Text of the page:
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The fact that children are fascinated by animals is hardly surprising, but  what is compelling at this time is how new so many animals were to young readers. Exotic animals such as elephants, tigers, sloths, and kangaroos were less-than-credible novelties to children and parents in the early 19th century. In writing natural histories, women were able to place these animals in context, and could extol the wonders nature in terms of utility, beauty, and complexity. Often animals were praised for their sagacity. An Indian elephant, Lucy is told in Maria Edgeworth’s Harry and Lucy, refused “to go over a bridge...knowing by half reasoning instinct that it was not strong enough to bear his weight.” “Engineers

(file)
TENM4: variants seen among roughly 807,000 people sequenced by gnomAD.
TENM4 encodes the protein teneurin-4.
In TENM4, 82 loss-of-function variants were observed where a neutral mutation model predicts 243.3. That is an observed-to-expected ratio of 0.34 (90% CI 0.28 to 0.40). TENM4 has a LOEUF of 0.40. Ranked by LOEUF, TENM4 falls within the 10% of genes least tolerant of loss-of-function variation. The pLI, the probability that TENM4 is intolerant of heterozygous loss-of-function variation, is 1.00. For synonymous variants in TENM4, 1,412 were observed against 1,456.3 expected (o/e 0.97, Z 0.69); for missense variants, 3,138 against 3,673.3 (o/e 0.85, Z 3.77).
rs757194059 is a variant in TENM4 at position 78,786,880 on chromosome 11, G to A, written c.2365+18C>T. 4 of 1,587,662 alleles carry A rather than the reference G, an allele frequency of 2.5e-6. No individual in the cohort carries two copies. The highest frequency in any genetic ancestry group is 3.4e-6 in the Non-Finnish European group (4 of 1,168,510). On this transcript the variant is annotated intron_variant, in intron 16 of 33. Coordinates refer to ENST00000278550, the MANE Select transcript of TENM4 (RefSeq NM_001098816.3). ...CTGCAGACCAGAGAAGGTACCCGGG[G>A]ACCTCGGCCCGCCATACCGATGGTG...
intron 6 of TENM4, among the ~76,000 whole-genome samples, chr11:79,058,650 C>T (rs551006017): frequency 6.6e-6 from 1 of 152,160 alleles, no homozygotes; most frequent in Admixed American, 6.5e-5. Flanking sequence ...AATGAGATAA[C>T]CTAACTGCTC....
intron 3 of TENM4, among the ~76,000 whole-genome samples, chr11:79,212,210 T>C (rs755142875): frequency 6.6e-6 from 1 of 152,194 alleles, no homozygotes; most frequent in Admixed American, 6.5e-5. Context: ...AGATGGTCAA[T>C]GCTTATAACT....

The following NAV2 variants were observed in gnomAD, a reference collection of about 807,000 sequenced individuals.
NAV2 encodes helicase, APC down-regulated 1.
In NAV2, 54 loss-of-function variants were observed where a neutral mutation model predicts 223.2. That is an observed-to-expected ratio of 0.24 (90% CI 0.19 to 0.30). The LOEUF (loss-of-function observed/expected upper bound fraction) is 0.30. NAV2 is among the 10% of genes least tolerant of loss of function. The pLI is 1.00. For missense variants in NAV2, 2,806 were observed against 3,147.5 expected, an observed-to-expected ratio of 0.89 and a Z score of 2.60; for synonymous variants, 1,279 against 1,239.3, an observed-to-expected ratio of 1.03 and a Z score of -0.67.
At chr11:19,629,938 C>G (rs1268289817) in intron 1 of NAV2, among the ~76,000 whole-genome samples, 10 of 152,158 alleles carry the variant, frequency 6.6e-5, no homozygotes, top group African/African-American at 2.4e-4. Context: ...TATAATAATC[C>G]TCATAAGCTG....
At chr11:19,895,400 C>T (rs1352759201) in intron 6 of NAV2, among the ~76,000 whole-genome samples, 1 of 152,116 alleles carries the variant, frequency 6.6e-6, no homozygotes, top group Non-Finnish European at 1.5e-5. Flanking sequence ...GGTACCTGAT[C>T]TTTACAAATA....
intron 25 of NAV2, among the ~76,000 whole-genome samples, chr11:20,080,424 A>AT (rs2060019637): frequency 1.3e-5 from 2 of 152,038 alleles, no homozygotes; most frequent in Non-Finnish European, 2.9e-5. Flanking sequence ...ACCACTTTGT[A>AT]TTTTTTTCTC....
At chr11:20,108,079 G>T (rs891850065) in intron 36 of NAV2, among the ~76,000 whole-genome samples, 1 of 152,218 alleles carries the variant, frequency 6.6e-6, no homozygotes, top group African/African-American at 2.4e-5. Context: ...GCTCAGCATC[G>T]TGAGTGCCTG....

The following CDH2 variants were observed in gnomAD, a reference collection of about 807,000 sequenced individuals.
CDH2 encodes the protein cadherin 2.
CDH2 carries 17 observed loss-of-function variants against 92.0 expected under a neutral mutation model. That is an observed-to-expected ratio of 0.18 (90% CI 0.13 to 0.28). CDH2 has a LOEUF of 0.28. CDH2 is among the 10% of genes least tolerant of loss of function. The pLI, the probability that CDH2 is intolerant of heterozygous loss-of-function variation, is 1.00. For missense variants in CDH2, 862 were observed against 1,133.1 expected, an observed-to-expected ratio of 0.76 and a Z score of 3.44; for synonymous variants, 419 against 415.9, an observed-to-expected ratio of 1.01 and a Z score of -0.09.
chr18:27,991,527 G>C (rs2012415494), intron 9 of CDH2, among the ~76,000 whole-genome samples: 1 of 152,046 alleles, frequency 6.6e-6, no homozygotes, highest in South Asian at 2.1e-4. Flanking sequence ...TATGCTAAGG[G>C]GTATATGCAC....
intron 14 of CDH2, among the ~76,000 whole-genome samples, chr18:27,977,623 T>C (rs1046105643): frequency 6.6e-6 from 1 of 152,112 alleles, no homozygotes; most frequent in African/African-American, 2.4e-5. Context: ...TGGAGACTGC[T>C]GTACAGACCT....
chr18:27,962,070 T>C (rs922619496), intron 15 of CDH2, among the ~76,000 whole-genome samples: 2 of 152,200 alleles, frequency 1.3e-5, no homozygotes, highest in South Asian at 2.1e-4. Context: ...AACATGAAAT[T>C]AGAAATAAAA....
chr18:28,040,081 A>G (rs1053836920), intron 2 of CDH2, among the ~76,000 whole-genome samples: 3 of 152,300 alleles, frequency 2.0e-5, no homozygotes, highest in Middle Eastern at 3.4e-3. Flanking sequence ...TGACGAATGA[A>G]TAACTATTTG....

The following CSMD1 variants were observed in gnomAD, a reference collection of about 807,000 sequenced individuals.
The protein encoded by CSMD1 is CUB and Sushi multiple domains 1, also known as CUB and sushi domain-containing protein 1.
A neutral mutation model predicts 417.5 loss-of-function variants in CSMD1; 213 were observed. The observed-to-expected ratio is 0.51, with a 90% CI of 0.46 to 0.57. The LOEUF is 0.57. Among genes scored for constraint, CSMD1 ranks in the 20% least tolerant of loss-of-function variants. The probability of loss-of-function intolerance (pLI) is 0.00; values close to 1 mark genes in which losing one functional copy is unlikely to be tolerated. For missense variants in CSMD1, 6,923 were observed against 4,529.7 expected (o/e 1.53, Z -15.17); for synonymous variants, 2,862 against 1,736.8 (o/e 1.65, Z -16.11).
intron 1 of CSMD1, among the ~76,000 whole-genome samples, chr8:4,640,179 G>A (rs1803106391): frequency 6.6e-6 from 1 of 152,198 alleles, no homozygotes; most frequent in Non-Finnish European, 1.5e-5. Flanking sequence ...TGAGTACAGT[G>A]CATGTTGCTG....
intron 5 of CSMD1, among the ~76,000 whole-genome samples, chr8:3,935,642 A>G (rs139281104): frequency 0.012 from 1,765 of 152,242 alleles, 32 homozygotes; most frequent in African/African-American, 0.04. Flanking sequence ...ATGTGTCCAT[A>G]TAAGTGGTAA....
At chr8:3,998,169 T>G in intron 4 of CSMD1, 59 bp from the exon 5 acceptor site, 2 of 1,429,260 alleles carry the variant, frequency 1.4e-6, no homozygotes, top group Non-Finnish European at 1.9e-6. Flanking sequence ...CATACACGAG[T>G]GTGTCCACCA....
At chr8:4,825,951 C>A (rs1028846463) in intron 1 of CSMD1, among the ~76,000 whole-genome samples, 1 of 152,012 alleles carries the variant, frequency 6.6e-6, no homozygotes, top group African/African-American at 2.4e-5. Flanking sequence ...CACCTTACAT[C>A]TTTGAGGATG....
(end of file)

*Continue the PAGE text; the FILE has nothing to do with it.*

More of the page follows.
and architects,” Lucy learns, “may be mistaken in their calculations, but [the elephant] never is.” The lessons learned from animals were never simple, and Lucy’s mind is introduced not merely to the so-called “wonders of creation,” but also the reach of the British Empire.




Sarah Trimmer (British, 1741-1810). The Old Robins Take Leave of Their Young Ones from Story of the Robins. 1870. Frederick Warne & Co. 23h18103. Baldwin Library of Historical Children’s Literature, Special & Area Studies Collections, George A. Smathers Libraries, University of Florida.


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